In a strong win for reproductive rights advocates, voters in North Dakota and Colorado handily defeated – by a 2-to-1 margin – two state constitutional personhood amendments that would have granted legal rights to fertilized eggs and ban access to abortion and some forms of birth control. In Tennessee, however, a state constitutional amendment that takes away privacy rights to abortion from women and gives state legislators more power to restrict abortion access and birth control passed.
In North Dakota, voters decided on Measure 1 on Election Day, a proposed change to the state constitution that would have created an “inalienable right to life” for humans “at any stage of development,” including the moment of fertilization and conception. North Dakota voters overwhelmingly defeated Measure 1 64 to 36 percent, despite stories of voter confusion that spread in some polling places.
In Grand Forks, students from the University of North Dakota were told they could not vote at their local precinct because their student ID certificates did not properly indicate their campus addresses. Feminist Majority Foundation (FMF) National Campus Organizers on the ground in North Dakota, Taylor Kuether and Alyssa Seidorf, estimate that about half of all student voters were turned away at the polls in Grand Forks. However, in Fargo, the vast majority of students were able to vote using their student ID certificates.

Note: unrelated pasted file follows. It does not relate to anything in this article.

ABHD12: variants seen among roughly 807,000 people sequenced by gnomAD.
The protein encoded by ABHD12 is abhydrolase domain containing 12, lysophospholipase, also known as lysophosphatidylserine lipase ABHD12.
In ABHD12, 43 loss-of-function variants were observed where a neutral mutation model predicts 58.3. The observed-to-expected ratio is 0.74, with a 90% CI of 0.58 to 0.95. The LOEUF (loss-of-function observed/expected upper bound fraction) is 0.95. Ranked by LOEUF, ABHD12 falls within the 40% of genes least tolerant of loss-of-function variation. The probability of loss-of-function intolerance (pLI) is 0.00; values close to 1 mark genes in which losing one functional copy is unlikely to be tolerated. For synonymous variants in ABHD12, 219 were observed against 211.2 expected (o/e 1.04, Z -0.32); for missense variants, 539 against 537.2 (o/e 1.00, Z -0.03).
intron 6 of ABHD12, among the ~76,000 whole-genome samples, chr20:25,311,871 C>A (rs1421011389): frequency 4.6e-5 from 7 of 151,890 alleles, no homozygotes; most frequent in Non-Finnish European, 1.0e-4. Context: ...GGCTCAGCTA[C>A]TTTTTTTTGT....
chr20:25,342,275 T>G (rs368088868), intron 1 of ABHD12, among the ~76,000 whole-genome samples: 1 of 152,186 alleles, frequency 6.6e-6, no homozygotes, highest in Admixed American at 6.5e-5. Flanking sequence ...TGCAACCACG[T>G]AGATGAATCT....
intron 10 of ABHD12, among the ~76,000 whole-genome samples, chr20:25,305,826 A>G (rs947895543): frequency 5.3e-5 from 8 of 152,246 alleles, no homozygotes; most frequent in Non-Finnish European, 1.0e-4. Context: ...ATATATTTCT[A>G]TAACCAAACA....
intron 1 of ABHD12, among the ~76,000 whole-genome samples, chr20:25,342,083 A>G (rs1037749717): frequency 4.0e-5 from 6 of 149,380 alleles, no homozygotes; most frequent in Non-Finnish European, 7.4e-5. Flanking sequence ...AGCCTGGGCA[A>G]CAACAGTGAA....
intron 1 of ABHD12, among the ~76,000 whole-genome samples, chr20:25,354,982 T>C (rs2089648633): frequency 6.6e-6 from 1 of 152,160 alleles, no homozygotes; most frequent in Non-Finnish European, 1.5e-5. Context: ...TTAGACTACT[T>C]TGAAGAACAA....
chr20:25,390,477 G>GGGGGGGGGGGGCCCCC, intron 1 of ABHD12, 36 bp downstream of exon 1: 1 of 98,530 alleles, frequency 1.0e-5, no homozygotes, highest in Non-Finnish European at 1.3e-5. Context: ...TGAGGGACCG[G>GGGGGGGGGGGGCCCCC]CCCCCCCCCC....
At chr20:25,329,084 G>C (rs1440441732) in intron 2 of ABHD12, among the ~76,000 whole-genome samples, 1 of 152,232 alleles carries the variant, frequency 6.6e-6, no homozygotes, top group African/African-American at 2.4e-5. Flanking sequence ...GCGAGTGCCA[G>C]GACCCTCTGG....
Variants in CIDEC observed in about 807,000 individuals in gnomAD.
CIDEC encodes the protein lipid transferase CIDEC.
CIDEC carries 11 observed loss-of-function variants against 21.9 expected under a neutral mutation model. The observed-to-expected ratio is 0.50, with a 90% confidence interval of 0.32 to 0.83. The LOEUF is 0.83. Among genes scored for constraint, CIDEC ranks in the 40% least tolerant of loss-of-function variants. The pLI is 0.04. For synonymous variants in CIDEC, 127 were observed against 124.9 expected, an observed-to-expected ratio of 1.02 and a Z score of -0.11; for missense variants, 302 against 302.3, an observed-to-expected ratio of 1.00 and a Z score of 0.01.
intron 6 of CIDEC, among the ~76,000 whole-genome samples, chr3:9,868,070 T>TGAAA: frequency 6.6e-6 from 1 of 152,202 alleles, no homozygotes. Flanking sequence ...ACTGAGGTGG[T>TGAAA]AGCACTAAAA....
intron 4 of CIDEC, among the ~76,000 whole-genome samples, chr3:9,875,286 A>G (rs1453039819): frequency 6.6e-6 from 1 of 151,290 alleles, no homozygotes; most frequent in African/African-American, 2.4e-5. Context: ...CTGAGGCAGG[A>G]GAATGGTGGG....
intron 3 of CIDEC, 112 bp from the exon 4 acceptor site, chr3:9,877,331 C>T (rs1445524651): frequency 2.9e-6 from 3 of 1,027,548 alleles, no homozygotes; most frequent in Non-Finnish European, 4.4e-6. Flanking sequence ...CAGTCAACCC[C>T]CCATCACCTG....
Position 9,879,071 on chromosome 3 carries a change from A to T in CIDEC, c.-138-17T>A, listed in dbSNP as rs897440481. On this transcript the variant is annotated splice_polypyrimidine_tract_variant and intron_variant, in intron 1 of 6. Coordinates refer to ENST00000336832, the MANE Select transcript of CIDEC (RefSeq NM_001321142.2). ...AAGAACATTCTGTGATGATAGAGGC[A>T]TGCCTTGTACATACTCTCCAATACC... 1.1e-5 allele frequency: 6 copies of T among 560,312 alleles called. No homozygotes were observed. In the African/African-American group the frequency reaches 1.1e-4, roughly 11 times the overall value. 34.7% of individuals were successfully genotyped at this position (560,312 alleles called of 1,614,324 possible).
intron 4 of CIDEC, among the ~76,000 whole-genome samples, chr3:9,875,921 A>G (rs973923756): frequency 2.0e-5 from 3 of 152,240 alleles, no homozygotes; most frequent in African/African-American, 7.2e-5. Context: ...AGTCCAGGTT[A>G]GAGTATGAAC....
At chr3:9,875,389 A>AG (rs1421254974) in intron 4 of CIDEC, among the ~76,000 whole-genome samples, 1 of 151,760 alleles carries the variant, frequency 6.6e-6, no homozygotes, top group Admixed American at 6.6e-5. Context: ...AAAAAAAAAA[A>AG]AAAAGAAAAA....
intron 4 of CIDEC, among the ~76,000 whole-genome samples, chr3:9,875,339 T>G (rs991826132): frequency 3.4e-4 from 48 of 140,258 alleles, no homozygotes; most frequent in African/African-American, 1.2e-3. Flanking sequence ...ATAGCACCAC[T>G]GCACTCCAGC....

“We are so proud of all the students that helped get out the vote,” Kuether and Seidorf said in a statement to the Feminist Newswire. FMF’s organizers tweeted guidance throughout the election to students, reporting problems and encouraging others to get out and vote.
Despite the ballot initiative victory, realizing full access to comprehensive reproductive health care under North Dakota law is still a challenge. There is only one abortion clinic in the entire state, and that clinic continues to operate despite a state TRAP (Targeted Regulation of Abortion Providers) law that requires doctors who perform abortions to obtain admitting privileges to an area hospital. The North Dakota Supreme Court also just upheld HB 1297, a bill that dramatically limits access to medication abortion in the state. The law took effect November 1.
In Colorado, voters rejected personhood but also elected a proponent of similar legislation as their Senator. Representative Cory Gardner (R) – who cosponsored a federal personhood bill – defeated incumbent candidate and personhood opponent, Senator Mark Udall (D-CO), by 10 points. Amendment 67, however, a measure which would have banned abortion without any exceptions, end in-vitro fertilization across the state, severely restrict access to common forms of birth control, and potentially subject anyone who suffered a miscarriage to a criminal investigation, was trounced. 64 percent of voters rejected the extreme amendment, marking the third time that a personhood measure has failed on the state ballot.